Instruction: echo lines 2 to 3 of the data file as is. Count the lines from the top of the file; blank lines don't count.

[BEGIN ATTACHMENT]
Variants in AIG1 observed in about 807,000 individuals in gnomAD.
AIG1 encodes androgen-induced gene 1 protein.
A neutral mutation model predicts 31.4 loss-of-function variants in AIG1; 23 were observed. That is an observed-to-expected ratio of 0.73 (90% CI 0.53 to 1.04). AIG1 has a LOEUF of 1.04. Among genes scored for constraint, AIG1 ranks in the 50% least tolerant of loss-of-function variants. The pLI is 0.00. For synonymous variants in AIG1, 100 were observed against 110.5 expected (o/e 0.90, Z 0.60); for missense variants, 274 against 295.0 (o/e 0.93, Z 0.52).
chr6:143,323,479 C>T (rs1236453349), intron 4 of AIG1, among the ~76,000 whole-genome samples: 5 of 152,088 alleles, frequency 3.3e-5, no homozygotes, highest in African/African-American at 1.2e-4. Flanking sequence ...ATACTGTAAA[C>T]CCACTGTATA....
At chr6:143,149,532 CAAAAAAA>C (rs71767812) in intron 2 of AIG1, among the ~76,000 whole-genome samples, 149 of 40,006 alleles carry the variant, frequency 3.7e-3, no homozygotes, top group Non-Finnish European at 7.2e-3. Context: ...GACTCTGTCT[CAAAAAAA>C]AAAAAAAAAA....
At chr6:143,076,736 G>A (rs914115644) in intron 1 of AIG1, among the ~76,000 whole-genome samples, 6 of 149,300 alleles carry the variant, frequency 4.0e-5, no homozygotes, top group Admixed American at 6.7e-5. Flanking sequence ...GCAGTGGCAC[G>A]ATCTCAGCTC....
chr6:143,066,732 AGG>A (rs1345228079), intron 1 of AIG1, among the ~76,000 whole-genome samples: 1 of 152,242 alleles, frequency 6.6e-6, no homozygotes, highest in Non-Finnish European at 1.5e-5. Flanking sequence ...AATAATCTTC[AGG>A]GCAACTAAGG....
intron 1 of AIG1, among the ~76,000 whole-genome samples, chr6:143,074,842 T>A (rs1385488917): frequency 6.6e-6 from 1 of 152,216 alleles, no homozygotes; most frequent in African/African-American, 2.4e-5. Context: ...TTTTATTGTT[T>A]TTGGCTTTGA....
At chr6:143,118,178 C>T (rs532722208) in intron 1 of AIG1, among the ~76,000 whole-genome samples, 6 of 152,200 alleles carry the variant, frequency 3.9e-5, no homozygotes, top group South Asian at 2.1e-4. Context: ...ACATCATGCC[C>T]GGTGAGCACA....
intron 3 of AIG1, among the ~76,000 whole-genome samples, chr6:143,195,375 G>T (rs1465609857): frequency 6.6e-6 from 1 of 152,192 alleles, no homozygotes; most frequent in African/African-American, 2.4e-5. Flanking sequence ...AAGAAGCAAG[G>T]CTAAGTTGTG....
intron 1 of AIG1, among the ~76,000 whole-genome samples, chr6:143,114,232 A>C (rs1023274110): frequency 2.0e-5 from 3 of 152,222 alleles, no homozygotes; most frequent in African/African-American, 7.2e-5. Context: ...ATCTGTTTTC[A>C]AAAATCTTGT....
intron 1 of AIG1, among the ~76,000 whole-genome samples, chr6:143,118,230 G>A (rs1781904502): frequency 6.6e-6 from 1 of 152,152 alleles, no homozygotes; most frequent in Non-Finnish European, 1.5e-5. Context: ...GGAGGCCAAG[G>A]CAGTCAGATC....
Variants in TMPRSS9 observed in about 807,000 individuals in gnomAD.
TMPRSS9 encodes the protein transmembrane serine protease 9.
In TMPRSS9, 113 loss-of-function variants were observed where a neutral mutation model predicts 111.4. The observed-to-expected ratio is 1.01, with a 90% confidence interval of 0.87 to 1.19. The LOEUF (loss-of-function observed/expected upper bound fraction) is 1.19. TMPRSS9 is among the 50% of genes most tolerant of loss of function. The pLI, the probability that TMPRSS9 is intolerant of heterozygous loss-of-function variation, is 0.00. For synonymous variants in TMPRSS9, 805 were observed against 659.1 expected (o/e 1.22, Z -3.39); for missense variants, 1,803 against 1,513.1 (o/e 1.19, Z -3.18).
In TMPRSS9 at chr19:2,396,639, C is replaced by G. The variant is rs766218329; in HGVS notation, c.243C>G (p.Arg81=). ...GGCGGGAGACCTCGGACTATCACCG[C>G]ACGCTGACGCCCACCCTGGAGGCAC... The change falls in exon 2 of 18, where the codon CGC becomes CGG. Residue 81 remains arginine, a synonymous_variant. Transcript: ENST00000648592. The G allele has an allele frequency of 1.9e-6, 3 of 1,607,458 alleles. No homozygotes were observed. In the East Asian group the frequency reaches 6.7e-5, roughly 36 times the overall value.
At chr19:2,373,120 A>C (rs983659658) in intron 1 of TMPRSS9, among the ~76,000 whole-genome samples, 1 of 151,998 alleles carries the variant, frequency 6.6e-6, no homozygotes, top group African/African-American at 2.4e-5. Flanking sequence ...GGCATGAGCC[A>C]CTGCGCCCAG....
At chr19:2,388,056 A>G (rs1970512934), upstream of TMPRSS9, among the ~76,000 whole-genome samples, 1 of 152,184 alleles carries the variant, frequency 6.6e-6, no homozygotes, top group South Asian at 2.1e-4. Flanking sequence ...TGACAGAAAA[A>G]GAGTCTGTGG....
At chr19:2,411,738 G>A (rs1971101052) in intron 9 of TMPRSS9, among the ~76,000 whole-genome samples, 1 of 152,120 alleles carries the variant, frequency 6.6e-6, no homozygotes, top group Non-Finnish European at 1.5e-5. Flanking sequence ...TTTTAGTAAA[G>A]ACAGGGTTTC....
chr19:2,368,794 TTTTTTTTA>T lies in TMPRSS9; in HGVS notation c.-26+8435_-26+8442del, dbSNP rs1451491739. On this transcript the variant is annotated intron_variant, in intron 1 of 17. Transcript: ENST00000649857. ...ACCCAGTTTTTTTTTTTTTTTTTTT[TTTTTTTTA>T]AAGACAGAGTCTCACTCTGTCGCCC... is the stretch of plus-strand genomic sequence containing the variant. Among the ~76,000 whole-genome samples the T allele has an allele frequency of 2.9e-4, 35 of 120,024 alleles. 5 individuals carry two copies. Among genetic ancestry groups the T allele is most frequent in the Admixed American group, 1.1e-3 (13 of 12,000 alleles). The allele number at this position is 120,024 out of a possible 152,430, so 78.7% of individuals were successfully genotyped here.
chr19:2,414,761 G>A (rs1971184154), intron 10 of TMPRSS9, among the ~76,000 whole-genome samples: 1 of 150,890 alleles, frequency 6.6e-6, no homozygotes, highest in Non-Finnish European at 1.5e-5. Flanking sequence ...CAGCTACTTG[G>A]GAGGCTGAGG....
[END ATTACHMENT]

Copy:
AIG1 encodes androgen-induced gene 1 protein.
A neutral mutation model predicts 31.4 loss-of-function variants in AIG1; 23 were observed. That is an observed-to-expected ratio of 0.73 (90% CI 0.53 to 1.04). AIG1 has a LOEUF of 1.04. Among genes scored for constraint, AIG1 ranks in the 50% least tolerant of loss-of-function variants. The pLI is 0.00. For synonymous variants in AIG1, 100 were observed against 110.5 expected (o/e 0.90, Z 0.60); for missense variants, 274 against 295.0 (o/e 0.93, Z 0.52).